Some Hon. Members:
Subtopic: CANADA-UNITED STATES FREE TRADE AGREEMENT IMPLEMENTATION ACT MEASURE TO ENACT
The Acting Speaker (Mr. McKinnon):
I heard a negative. I will call on the Hon. Minister of Labour on debate.
Hon. Pierre H. Cadieux (Minister of Labour):
Mr. Speaker, in 1984, Brian Mulroney stated that his Party was committed to four priorities. One of these was economic renewal. Today, I am proud to inform Canadians that the Government of which 1 am a member has kept its promise. By signing a historic trade agreement with the United States, Canada has obtained the best guarantee for a prosperous economy. The free trade agreement is the culmination of over twenty-five years of hard work by Canadians and Americans aimed at improving and strengthening the framework of their commercial and economic relations. It was high time the Canadian Government adopted a comprehensive view of the economic changes that were taking place. Canada had to get a head start in the race in which countries the world over were competing, and the best way to do this was to gain secure access to the biggest and richest market in the world: the United States. We all know the arguments in favour of signing a trade agreement with the United States. About 80 per cent of our exports go to the United States, representing sales worth around $180 billion annually, while one out of three jobs depend on our ability to export our products.
The growth of our external trade is therefore closely linked to the trade relations we have had and have today with our
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neighbours to the south, something our predecessors understood. In 1879, Sir John A. Macdonald shared this comprehensive vision of Canada's economic future, witness his trade policy. In 1911, the desire of Sir Wilfrid Laurier's Liberal Government to establish a comprehensive trade agreement with the United States reflected the economic realities of the time.
These are only a few historic facts, but there are many others. Thanks to the testimony and experience of our predecessors we are able to understand our own economic realities, and we will be able to build a future in the image of this country.
When in September 1985 we decided to negotiate a bilateral trade agreement with the United States, we knew what we were doing. We were not only mindful of our country's growth as a trading nation, we were also acting on a unanimous recommendation by committees and commissions of inquiry, including those of the Senate and the House of Commons and the Macdonald Commission, whose members represented all groups in our society. Need I recall, Mr. Speaker, that there was a Liberal majority in the Senate and that the Hon. Donald Macdonald was a Minister in Mr. Trudeau's Government?
Despite all these recommendations, the Liberals tried to ignore the lessons of history by involving Canada in a multilateral trade policy, while our trade with the United States continued to increase, from about 65 per cent to more than 75 per cent, and it did so despite the liberals' so-called nationalist policies and their rhetoric about their so-called third option.
Today, Mr. Speaker, the same Liberals would have Canadians believe that the same multilateral free trade process would give Canadians the same advantages as a trade agreement with the United States. What they do not tell Canadians, Mr. Speaker, is that the free trade agreement will enable Canada to control protectionist spillovers from the United States caused by domestic reaction to a budget deficit they have trouble keeping under control.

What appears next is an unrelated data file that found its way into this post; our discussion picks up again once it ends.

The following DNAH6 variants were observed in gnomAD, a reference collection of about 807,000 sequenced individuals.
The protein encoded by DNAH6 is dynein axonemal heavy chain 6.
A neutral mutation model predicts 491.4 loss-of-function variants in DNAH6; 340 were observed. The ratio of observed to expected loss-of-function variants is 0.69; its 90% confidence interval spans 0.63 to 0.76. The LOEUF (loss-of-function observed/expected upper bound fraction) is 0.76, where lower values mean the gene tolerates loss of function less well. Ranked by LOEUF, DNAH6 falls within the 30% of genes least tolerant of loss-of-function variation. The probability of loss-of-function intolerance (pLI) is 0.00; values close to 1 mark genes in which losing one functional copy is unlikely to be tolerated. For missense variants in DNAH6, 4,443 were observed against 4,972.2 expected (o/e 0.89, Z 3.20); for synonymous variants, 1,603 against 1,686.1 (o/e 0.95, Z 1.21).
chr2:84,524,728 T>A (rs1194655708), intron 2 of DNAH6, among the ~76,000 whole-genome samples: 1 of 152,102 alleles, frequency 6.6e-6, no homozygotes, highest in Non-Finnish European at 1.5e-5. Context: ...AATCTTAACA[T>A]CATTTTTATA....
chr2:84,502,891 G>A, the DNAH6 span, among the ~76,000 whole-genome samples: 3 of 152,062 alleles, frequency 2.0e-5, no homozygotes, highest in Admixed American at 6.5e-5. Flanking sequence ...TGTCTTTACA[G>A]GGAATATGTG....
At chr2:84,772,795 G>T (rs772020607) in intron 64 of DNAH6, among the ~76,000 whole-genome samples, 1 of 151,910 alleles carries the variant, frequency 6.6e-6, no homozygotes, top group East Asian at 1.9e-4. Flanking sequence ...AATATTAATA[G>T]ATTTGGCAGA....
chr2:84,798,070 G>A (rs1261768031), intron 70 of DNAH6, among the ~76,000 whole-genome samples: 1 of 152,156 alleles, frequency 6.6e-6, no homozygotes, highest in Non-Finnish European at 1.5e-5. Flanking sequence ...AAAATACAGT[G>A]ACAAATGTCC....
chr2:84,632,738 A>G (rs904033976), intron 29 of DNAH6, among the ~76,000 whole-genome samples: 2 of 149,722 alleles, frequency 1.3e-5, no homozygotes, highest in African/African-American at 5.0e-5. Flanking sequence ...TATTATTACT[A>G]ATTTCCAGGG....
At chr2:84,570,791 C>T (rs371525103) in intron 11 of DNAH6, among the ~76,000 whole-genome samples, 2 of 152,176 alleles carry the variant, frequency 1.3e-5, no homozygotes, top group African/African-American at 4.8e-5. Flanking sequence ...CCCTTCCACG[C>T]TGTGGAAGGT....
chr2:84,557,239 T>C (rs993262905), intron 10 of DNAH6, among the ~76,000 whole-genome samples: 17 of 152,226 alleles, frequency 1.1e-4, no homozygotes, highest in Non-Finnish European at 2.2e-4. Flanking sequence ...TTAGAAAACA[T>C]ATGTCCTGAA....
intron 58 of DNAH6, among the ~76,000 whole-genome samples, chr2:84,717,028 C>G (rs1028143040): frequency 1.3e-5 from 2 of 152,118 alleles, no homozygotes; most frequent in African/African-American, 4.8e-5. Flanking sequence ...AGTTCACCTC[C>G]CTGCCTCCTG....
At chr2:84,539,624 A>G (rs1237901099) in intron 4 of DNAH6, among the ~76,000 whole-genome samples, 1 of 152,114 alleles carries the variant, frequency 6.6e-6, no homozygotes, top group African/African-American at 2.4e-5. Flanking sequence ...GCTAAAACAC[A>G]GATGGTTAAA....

Mr. Speaker, let me remind these free trade detractors that Canadians are not being fooled and understand quite well that the Liberal Party does not offer a valid alternative to the accord.
Here is what Quebec Premier Robert Bourassa said in a press conference last August 16:
With respect to the issue of negotiating on a sectoral basis we have to take into account the various GATT regulations ... We did get the Auto Pact, of course, but it is becoming increasingly difficult to secure GATT approval to negotiate on a sectoral basis with another GATT country.
Canadians understand as well that they will be able to prosper in the 21st century if today they are prepared to look to the future and face the greatest challenges with vigour and determination. They are conscious of the fact that Canada's economic prosperity basically depends on the ability of our industries and our companies to maintain and improve productivity.
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We know that Canadian farmers rank among the world's best traders, and they have demonstrated their skills on many occasions. Not only can we face up to our competitors in this sector, but we are also aware that access to American markets is a guarantee our farmers must have.
The value of Canadian agricultural products shipped to the United States is about $3 billion a year and that, Mr. Speaker, does not include grains and oilseeds. It accounts for over 50 per cent of Canadian food exports. Such figures faithfully reflect the situation, Mr. Speaker.
In addition to securing access to the American market the Free Trade Agreement will protect our agricultural sector against American compensatory anti-dumping duty and salvage measures. Some Canadians may have forgotten that pork and cattle producers have been the target of retaliation, but the people involved certainly did not, Mr. Speaker. With the FTA we can guarantee that they will never again be the hapless victims of American policy. Without the FTA, Mr. Speaker, history is bound to repeat itself.